One of the biggest reasons for the success of both Deadpool and Deadpool 2 was its willingness to push past the boundaries of the PG-13 superhero genre and deliver an R-rated experience that was genuinely fun. Now, with the charity-driven Once Upon a Deadpool coming out for a special two-week run, they're testing whether a watered-down version can be popular, too.
Aside from removing all traces of a certain four-letter F-word — along with most of the blood, guts, and other things that would trigger an R rating — the movie's conceit is that Deadpool (Ryan Reynolds) is telling the story of the film to Fred Savage, re-creating the former child actor's iconic scenes from The Princess Bride.
The story, of course, remains the same, with Wade Wilson/Deadpool (Ryan Reynolds) doing his lone wolf thing until an upheaval in his personal life and the appearance of a time-traveling mutant named Cable (Josh Brolin) forces him to try to put together a team. Cable is on the trail of Russell (Julian Dennison), a young boy with fire-starting powers who will go on to kill Cable’s family in the future.
Just as in The Princess Bride, the film stops in its tracks throughout the film for either Deadpool or Savage to comment on what's going on in the story, with varying success. The breaks contain winking nods for fans of both films, something that would be a lot funnier if Deadpool wasn't already in the habit of breaking the fourth wall in his own movie.
It's difficult to tell how precisely how much material was excised from Deadpool 2, but with Once Upon a Deadpool clocking in at 117 minutes compared to DP2's 119 minutes, complete with five minutes or more of new scenes with Savage, the changes are significant. Anyone who didn't see the original may not notice the difference, but the experience is choppy for those who have.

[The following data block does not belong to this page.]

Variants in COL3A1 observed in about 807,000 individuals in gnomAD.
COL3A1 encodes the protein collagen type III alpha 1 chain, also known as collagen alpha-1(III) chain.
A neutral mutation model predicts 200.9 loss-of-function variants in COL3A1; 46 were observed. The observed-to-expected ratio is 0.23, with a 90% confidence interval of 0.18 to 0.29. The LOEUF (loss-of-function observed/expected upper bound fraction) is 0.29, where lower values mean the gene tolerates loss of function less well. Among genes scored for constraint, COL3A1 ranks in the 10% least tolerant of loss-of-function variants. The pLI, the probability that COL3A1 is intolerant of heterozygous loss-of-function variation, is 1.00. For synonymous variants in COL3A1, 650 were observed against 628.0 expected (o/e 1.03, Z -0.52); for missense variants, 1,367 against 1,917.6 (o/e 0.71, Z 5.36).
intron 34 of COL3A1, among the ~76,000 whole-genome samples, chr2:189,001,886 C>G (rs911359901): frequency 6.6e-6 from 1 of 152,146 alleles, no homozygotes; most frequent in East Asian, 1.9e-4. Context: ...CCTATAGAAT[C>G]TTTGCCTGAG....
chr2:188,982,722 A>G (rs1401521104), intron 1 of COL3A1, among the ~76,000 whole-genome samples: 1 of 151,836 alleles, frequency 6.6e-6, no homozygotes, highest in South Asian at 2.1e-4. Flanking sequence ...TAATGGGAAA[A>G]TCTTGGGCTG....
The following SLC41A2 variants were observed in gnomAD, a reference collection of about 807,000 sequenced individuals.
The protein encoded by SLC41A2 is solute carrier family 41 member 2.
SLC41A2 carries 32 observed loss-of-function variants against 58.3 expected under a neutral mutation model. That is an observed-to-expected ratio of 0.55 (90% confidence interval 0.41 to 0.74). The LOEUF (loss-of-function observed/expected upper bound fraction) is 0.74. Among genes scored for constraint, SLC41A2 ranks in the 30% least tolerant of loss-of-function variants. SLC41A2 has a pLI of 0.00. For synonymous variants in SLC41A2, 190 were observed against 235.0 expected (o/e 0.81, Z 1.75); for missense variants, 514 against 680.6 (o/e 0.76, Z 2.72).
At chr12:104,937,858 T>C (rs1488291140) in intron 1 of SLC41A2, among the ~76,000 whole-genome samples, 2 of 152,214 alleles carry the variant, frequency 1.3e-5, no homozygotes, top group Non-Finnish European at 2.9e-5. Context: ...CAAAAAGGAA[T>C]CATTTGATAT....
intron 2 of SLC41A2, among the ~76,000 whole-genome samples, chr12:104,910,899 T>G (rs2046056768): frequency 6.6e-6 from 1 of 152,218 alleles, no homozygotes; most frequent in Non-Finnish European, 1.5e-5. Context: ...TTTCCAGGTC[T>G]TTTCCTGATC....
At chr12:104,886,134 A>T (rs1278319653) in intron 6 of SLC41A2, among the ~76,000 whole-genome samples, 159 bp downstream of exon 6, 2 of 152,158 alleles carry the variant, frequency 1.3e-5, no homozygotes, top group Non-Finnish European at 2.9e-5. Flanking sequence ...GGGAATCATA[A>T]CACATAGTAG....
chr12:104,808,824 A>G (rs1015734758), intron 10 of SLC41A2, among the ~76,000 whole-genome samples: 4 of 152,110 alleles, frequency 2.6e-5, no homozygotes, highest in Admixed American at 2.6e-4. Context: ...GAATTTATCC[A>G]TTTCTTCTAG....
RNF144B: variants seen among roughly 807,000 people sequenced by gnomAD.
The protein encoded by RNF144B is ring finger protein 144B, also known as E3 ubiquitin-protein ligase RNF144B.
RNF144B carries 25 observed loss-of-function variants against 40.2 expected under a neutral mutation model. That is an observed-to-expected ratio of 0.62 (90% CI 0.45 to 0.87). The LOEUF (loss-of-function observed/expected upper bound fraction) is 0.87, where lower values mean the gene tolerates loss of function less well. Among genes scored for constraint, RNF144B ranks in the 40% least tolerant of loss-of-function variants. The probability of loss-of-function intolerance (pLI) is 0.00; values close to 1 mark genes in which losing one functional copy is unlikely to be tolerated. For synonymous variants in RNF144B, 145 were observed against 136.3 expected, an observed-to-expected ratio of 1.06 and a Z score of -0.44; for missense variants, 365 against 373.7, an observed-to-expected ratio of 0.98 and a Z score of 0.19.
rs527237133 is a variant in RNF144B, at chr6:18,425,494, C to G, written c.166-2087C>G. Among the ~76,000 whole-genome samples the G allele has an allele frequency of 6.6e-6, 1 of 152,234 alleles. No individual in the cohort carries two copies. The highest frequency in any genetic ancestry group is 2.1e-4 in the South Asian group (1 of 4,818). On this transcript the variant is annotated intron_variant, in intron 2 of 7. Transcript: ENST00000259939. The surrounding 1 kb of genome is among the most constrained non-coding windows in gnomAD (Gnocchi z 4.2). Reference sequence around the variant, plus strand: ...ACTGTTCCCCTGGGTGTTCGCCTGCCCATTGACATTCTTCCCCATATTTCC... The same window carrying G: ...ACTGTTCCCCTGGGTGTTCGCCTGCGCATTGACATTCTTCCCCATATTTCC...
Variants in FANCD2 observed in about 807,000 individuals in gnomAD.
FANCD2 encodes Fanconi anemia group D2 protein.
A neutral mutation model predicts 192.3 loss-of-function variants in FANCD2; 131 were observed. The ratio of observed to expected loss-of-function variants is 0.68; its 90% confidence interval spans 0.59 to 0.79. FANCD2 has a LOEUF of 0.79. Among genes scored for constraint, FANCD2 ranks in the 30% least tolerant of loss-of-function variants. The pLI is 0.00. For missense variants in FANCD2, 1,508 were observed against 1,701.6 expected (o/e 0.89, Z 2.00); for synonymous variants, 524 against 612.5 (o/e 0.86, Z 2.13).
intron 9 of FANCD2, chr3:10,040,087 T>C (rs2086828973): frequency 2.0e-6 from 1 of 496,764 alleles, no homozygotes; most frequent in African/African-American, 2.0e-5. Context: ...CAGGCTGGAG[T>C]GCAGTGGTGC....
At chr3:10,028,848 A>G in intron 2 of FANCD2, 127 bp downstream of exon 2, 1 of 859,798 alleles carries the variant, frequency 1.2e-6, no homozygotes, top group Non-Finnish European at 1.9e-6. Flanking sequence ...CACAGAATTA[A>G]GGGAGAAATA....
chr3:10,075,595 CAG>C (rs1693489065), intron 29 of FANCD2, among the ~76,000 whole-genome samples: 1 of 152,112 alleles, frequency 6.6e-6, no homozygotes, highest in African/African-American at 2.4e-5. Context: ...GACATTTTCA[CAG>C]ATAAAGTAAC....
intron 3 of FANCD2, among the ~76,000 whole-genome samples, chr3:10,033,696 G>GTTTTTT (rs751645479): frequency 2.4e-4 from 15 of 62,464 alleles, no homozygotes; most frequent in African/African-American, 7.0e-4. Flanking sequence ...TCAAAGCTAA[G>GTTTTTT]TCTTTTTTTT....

What's most interesting about the experiment is that it demonstrates just how violent and profane a PG-13 movie can be. The film is being marketed as an alternative for kids who weren't old enough to see the R-rated version, but it's still not exactly kid-friendly. While the consequences of violence, i.e. most blood and gore, are not shown, the body count remains high, and there is still plenty of profanity and sexual innuendo to be found.
Even with all that, the film remains a lot of fun, with a story that zags where you expect it to zig, keeping the audience on its collective toes the entire time. And even though the language is tamer, the barrage of jokes and insults about the X-Men, the Marvel Cinematic Universe, the DC Comics universe, itself, and more is as funny as ever.
Once Upon a Deadpool is not a wholly satisfying experience for anyone who has seen Deadpool 2, but with some of the proceeds going to the appropriately renamed Fudge Cancer, it adds a little more heart to a film that already had more than you'd expect.
Once Upon a Deadpool will be in theaters through December 24.